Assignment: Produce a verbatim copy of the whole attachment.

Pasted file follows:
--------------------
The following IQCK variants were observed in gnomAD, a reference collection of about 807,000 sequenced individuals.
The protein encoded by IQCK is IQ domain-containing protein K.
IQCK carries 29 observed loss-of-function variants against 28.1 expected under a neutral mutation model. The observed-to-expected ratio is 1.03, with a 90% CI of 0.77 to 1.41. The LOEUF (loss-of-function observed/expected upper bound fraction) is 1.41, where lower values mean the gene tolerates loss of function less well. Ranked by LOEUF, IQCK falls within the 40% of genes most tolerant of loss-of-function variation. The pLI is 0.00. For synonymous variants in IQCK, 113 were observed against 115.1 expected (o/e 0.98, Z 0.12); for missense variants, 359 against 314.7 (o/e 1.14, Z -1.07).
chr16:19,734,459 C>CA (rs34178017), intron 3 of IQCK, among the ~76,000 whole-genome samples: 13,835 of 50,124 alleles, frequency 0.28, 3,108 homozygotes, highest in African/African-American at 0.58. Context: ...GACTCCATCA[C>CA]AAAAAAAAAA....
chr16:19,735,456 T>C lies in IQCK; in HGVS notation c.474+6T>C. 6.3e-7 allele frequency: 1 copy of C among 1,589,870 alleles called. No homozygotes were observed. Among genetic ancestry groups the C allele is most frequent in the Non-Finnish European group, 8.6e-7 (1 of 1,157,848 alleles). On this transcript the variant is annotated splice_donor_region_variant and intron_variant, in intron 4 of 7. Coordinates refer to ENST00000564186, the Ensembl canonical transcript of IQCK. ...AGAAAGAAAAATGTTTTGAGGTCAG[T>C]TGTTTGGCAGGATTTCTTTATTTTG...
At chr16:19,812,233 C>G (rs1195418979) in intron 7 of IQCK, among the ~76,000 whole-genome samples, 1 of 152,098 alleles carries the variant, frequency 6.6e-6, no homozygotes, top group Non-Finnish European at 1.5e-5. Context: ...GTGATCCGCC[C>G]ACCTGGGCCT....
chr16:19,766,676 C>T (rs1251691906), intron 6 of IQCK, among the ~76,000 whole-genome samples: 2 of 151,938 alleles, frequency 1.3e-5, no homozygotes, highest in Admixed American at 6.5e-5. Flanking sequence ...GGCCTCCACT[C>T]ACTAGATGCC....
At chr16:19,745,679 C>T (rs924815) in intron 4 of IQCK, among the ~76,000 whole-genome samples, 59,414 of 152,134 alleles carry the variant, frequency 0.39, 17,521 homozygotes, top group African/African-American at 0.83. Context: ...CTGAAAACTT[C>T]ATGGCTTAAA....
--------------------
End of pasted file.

The following IQCK variants were observed in gnomAD, a reference collection of about 807,000 sequenced individuals.
The protein encoded by IQCK is IQ domain-containing protein K.
IQCK carries 29 observed loss-of-function variants against 28.1 expected under a neutral mutation model. The observed-to-expected ratio is 1.03, with a 90% CI of 0.77 to 1.41. The LOEUF (loss-of-function observed/expected upper bound fraction) is 1.41, where lower values mean the gene tolerates loss of function less well. Ranked by LOEUF, IQCK falls within the 40% of genes most tolerant of loss-of-function variation. The pLI is 0.00. For synonymous variants in IQCK, 113 were observed against 115.1 expected (o/e 0.98, Z 0.12); for missense variants, 359 against 314.7 (o/e 1.14, Z -1.07).
chr16:19,734,459 C>CA (rs34178017), intron 3 of IQCK, among the ~76,000 whole-genome samples: 13,835 of 50,124 alleles, frequency 0.28, 3,108 homozygotes, highest in African/African-American at 0.58. Context: ...GACTCCATCA[C>CA]AAAAAAAAAA....
chr16:19,735,456 T>C lies in IQCK; in HGVS notation c.474+6T>C. 6.3e-7 allele frequency: 1 copy of C among 1,589,870 alleles called. No homozygotes were observed. Among genetic ancestry groups the C allele is most frequent in the Non-Finnish European group, 8.6e-7 (1 of 1,157,848 alleles). On this transcript the variant is annotated splice_donor_region_variant and intron_variant, in intron 4 of 7. Coordinates refer to ENST00000564186, the Ensembl canonical transcript of IQCK. ...AGAAAGAAAAATGTTTTGAGGTCAG[T>C]TGTTTGGCAGGATTTCTTTATTTTG...
At chr16:19,812,233 C>G (rs1195418979) in intron 7 of IQCK, among the ~76,000 whole-genome samples, 1 of 152,098 alleles carries the variant, frequency 6.6e-6, no homozygotes, top group Non-Finnish European at 1.5e-5. Context: ...GTGATCCGCC[C>G]ACCTGGGCCT....
chr16:19,766,676 C>T (rs1251691906), intron 6 of IQCK, among the ~76,000 whole-genome samples: 2 of 151,938 alleles, frequency 1.3e-5, no homozygotes, highest in Admixed American at 6.5e-5. Flanking sequence ...GGCCTCCACT[C>T]ACTAGATGCC....
At chr16:19,745,679 C>T (rs924815) in intron 4 of IQCK, among the ~76,000 whole-genome samples, 59,414 of 152,134 alleles carry the variant, frequency 0.39, 17,521 homozygotes, top group African/African-American at 0.83. Context: ...CTGAAAACTT[C>T]ATGGCTTAAA....